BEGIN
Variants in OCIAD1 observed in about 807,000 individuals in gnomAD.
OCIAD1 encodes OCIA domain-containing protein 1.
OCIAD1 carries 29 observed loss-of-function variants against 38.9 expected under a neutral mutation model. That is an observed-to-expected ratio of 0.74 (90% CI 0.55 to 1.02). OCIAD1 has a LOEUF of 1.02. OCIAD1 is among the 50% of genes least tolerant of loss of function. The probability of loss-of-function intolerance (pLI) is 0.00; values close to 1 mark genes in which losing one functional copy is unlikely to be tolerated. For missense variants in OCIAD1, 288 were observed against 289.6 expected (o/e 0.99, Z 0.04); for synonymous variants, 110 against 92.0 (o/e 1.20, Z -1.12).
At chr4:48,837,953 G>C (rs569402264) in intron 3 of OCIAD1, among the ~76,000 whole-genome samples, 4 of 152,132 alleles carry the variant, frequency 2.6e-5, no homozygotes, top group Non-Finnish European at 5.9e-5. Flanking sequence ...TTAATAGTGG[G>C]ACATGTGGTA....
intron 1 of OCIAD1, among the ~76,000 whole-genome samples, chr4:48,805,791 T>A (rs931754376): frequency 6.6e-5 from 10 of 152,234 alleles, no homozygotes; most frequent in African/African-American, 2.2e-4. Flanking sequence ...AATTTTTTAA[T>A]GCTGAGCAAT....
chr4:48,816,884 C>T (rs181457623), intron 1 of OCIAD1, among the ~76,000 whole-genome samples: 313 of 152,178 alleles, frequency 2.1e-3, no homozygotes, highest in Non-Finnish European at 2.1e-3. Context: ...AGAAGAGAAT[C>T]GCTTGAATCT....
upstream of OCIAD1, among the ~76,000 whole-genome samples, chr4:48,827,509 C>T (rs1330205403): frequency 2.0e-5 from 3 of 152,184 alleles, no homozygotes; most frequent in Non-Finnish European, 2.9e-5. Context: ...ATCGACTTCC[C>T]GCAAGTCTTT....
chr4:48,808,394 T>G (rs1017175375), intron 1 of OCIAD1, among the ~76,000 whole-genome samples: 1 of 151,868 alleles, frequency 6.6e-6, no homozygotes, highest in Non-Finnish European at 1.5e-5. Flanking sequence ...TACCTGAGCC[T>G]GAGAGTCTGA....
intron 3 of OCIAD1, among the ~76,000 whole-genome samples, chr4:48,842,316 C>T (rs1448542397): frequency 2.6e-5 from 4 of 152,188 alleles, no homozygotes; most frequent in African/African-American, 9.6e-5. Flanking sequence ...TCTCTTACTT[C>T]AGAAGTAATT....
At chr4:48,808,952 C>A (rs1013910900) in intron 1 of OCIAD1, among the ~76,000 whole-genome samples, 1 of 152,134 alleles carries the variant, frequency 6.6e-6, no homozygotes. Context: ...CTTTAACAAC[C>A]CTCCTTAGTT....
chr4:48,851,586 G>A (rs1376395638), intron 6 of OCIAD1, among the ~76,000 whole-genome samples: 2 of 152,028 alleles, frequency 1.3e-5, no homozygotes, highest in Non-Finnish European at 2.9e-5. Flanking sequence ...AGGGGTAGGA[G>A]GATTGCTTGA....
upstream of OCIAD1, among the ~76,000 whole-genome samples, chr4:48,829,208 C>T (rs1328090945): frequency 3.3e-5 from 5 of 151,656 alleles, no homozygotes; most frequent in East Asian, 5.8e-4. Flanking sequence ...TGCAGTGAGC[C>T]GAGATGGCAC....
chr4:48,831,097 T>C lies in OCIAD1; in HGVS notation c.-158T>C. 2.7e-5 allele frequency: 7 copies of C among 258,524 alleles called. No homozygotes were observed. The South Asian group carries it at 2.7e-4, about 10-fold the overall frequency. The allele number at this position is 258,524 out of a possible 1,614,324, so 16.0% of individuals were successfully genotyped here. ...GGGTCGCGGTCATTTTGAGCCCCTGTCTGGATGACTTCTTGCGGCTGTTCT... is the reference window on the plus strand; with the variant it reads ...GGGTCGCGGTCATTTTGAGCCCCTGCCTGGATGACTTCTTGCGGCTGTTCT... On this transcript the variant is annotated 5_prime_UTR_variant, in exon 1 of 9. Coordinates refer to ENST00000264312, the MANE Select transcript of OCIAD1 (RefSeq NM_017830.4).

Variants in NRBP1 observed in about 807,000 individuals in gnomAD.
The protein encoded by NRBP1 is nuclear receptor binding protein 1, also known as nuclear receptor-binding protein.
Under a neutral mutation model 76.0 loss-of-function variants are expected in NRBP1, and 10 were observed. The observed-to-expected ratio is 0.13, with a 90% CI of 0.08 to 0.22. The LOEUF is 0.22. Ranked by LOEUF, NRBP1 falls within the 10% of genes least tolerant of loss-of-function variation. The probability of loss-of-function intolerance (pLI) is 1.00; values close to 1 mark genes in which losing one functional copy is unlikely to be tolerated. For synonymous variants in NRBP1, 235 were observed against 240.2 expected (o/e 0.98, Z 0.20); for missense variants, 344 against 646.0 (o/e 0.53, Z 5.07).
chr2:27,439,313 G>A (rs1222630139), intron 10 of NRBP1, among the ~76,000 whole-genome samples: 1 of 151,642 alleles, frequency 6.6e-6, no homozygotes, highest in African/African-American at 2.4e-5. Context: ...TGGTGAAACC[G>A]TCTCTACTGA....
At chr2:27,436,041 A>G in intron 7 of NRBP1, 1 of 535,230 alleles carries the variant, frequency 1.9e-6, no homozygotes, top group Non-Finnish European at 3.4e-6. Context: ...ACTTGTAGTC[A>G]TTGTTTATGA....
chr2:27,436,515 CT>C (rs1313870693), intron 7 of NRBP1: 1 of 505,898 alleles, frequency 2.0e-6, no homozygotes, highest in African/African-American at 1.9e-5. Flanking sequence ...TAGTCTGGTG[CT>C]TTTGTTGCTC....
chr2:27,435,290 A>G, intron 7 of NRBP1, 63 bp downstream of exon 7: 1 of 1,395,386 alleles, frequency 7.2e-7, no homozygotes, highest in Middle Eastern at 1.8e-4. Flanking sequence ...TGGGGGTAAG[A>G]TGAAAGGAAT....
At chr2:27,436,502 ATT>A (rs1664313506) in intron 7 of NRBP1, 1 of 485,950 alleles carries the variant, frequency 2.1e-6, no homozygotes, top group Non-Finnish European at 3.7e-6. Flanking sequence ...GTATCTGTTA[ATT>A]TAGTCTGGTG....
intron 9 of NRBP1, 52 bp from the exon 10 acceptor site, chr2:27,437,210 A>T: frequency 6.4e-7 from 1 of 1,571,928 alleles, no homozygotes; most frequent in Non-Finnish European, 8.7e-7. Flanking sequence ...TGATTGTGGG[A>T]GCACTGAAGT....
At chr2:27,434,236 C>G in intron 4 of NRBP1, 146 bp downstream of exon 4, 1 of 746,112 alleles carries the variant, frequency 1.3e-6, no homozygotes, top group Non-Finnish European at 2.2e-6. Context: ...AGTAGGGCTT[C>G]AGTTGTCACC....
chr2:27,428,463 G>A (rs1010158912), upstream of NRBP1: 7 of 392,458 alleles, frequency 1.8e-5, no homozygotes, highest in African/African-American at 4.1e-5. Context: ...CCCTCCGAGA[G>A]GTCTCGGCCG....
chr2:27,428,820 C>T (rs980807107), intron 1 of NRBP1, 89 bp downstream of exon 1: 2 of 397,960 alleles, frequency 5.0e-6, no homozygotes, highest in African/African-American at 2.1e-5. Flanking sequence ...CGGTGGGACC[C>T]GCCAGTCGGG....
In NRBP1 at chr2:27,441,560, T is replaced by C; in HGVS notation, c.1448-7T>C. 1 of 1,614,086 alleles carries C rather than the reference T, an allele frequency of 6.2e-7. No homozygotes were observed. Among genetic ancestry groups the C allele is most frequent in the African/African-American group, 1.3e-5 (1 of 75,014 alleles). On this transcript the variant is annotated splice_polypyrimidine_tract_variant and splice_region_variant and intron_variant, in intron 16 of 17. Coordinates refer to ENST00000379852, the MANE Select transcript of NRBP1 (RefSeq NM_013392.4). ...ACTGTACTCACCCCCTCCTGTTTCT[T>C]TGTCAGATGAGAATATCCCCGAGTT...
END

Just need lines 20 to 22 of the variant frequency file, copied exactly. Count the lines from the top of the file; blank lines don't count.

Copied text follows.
chr2:27,435,290 A>G, intron 7 of NRBP1, 63 bp downstream of exon 7: 1 of 1,395,386 alleles, frequency 7.2e-7, no homozygotes, highest in Middle Eastern at 1.8e-4. Flanking sequence ...TGGGGGTAAG[A>G]TGAAAGGAAT....
At chr2:27,436,502 ATT>A (rs1664313506) in intron 7 of NRBP1, 1 of 485,950 alleles carries the variant, frequency 2.1e-6, no homozygotes, top group Non-Finnish European at 3.7e-6. Flanking sequence ...GTATCTGTTA[ATT>A]TAGTCTGGTG....
intron 9 of NRBP1, 52 bp from the exon 10 acceptor site, chr2:27,437,210 A>T: frequency 6.4e-7 from 1 of 1,571,928 alleles, no homozygotes; most frequent in Non-Finnish European, 8.7e-7. Flanking sequence ...TGATTGTGGG[A>T]GCACTGAAGT....